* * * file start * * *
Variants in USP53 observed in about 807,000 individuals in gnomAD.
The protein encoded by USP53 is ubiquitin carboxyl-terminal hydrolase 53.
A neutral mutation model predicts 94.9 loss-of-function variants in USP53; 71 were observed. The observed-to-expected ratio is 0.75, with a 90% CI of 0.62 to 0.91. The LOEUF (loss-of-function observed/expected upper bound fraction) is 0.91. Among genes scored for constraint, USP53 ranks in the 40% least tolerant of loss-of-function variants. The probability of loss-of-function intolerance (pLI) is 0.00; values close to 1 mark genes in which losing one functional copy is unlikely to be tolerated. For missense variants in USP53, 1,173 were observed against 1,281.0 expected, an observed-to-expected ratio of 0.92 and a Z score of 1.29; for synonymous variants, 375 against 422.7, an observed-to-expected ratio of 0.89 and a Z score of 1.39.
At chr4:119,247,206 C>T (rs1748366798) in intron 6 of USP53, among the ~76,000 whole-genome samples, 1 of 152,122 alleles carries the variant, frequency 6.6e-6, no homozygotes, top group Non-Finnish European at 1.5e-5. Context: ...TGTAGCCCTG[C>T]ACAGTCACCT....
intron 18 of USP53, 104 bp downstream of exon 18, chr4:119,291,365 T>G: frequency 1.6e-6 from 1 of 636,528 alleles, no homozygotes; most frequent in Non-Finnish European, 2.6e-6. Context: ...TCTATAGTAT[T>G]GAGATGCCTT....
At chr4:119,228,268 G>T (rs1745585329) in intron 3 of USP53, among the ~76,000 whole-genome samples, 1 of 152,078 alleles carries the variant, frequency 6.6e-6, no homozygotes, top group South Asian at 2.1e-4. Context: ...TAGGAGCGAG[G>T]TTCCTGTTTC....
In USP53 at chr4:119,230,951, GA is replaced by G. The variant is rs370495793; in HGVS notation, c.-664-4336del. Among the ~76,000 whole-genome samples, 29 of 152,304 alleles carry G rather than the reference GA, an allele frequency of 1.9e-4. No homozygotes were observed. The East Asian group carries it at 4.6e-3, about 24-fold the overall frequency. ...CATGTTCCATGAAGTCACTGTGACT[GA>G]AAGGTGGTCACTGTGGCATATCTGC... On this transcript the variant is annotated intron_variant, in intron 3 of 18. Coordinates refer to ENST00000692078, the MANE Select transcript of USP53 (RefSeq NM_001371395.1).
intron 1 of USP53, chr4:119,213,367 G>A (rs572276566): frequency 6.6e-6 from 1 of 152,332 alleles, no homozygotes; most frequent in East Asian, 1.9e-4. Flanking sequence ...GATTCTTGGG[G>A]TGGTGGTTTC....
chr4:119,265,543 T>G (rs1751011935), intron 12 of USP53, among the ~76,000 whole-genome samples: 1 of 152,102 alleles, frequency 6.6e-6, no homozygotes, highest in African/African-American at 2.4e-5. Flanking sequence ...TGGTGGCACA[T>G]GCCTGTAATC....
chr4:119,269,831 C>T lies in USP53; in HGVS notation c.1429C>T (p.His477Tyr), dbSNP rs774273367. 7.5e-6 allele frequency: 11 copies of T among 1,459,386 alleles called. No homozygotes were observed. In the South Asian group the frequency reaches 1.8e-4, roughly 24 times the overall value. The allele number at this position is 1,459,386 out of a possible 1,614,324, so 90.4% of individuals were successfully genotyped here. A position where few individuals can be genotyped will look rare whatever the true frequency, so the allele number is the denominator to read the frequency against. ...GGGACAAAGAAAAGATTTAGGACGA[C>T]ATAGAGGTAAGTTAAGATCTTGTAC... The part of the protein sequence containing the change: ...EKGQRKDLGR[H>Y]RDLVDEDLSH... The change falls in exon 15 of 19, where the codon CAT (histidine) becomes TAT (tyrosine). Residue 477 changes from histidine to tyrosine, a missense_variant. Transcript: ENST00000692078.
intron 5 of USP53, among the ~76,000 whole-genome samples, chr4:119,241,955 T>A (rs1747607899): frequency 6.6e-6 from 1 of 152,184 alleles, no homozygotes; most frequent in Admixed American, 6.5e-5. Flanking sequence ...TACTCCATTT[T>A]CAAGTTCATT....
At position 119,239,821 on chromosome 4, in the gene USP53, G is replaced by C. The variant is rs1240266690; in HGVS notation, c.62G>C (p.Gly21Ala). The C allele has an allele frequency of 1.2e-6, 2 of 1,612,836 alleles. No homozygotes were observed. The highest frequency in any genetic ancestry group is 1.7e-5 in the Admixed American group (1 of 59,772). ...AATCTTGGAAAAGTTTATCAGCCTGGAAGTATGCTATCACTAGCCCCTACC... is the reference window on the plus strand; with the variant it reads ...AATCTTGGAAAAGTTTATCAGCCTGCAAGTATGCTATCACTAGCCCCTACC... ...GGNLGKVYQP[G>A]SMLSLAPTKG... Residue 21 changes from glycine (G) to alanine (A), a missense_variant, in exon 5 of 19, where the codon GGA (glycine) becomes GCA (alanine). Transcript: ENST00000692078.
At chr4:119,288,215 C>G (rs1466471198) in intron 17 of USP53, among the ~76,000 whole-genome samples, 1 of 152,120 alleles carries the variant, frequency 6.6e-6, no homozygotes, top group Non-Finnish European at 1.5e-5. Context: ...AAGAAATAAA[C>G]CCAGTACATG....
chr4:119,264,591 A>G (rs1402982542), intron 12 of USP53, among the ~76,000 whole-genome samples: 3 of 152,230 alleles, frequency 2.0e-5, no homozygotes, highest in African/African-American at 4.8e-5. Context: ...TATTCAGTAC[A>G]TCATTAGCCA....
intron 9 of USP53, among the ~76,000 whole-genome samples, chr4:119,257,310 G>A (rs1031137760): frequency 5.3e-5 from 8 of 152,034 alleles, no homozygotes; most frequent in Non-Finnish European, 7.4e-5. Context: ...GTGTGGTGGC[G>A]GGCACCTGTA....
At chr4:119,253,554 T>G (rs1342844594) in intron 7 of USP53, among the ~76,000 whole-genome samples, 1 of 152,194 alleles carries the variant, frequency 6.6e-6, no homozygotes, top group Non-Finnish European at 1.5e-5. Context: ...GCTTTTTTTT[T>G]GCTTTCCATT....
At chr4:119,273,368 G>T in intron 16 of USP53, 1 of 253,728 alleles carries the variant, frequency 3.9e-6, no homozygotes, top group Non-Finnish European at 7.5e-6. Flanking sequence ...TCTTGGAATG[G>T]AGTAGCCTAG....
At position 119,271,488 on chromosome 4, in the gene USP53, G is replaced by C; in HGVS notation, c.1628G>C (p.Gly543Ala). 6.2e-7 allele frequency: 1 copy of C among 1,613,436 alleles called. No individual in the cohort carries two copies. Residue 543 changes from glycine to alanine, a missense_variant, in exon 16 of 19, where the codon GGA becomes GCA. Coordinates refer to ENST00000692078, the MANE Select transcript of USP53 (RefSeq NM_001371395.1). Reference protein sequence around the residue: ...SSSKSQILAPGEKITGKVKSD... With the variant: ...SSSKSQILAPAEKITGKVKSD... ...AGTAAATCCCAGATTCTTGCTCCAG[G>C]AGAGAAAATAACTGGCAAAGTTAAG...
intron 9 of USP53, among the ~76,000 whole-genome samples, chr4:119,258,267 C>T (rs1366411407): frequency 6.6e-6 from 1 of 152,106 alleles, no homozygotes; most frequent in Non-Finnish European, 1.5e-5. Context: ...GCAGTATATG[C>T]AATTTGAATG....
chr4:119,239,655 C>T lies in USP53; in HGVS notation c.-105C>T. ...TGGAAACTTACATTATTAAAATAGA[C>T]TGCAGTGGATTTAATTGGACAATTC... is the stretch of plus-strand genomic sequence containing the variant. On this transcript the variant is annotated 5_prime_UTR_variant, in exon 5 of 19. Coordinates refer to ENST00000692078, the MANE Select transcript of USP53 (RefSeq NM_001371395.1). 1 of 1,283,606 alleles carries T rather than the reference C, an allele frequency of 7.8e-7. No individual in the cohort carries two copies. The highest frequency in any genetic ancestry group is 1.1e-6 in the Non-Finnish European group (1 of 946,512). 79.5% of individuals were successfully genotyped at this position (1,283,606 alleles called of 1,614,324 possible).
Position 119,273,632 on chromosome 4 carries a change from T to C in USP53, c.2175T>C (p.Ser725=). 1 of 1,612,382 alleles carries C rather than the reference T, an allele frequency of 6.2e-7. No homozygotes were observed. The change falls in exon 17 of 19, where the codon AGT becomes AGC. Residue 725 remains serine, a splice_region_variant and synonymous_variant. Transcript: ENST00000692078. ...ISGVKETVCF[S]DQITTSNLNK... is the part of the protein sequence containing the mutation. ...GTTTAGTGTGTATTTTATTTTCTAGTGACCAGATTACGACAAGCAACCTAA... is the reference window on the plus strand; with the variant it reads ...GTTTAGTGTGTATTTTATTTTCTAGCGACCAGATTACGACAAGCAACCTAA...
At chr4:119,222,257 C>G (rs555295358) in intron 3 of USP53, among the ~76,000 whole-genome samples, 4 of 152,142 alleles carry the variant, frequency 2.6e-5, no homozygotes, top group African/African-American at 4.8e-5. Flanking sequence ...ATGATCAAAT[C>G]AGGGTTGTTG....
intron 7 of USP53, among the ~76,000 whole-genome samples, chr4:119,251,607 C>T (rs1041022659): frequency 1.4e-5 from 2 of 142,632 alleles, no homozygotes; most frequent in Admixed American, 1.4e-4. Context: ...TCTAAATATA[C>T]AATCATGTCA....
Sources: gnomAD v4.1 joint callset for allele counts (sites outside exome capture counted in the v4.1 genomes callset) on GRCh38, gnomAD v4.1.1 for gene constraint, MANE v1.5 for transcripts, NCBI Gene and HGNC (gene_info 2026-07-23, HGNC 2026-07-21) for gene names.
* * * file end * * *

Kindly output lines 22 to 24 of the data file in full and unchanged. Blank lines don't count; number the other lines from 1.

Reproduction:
At chr4:119,222,257 C>G (rs555295358) in intron 3 of USP53, among the ~76,000 whole-genome samples, 4 of 152,142 alleles carry the variant, frequency 2.6e-5, no homozygotes, top group African/African-American at 4.8e-5. Flanking sequence ...ATGATCAAAT[C>G]AGGGTTGTTG....
intron 7 of USP53, among the ~76,000 whole-genome samples, chr4:119,251,607 C>T (rs1041022659): frequency 1.4e-5 from 2 of 142,632 alleles, no homozygotes; most frequent in Admixed American, 1.4e-4. Context: ...TCTAAATATA[C>T]AATCATGTCA....
Sources: gnomAD v4.1 joint callset for allele counts (sites outside exome capture counted in the v4.1 genomes callset) on GRCh38, gnomAD v4.1.1 for gene constraint, MANE v1.5 for transcripts, NCBI Gene and HGNC (gene_info 2026-07-23, HGNC 2026-07-21) for gene names.